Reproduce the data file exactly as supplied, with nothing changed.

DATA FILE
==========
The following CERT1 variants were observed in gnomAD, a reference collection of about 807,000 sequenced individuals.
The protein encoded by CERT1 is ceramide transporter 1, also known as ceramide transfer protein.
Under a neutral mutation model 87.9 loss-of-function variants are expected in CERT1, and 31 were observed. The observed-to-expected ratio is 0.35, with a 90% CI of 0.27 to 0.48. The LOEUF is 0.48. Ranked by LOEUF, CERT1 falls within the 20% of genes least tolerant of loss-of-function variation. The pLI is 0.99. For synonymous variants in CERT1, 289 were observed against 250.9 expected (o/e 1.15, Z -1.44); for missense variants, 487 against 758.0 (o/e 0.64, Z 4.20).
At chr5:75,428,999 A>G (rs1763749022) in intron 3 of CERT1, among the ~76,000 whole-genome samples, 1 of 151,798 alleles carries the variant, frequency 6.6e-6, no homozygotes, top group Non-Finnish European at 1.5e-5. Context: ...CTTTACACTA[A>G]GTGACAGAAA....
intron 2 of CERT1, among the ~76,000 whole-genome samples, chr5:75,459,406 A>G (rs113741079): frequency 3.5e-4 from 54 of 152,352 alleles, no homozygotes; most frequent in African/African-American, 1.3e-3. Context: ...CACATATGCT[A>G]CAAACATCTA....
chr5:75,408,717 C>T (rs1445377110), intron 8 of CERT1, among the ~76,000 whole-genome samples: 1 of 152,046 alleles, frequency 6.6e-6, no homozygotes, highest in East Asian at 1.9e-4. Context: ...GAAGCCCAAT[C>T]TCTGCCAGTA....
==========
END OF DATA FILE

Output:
The following CERT1 variants were observed in gnomAD, a reference collection of about 807,000 sequenced individuals.
The protein encoded by CERT1 is ceramide transporter 1, also known as ceramide transfer protein.
Under a neutral mutation model 87.9 loss-of-function variants are expected in CERT1, and 31 were observed. The observed-to-expected ratio is 0.35, with a 90% CI of 0.27 to 0.48. The LOEUF is 0.48. Ranked by LOEUF, CERT1 falls within the 20% of genes least tolerant of loss-of-function variation. The pLI is 0.99. For synonymous variants in CERT1, 289 were observed against 250.9 expected (o/e 1.15, Z -1.44); for missense variants, 487 against 758.0 (o/e 0.64, Z 4.20).
At chr5:75,428,999 A>G (rs1763749022) in intron 3 of CERT1, among the ~76,000 whole-genome samples, 1 of 151,798 alleles carries the variant, frequency 6.6e-6, no homozygotes, top group Non-Finnish European at 1.5e-5. Context: ...CTTTACACTA[A>G]GTGACAGAAA....
intron 2 of CERT1, among the ~76,000 whole-genome samples, chr5:75,459,406 A>G (rs113741079): frequency 3.5e-4 from 54 of 152,352 alleles, no homozygotes; most frequent in African/African-American, 1.3e-3. Context: ...CACATATGCT[A>G]CAAACATCTA....
chr5:75,408,717 C>T (rs1445377110), intron 8 of CERT1, among the ~76,000 whole-genome samples: 1 of 152,046 alleles, frequency 6.6e-6, no homozygotes, highest in East Asian at 1.9e-4. Context: ...GAAGCCCAAT[C>T]TCTGCCAGTA....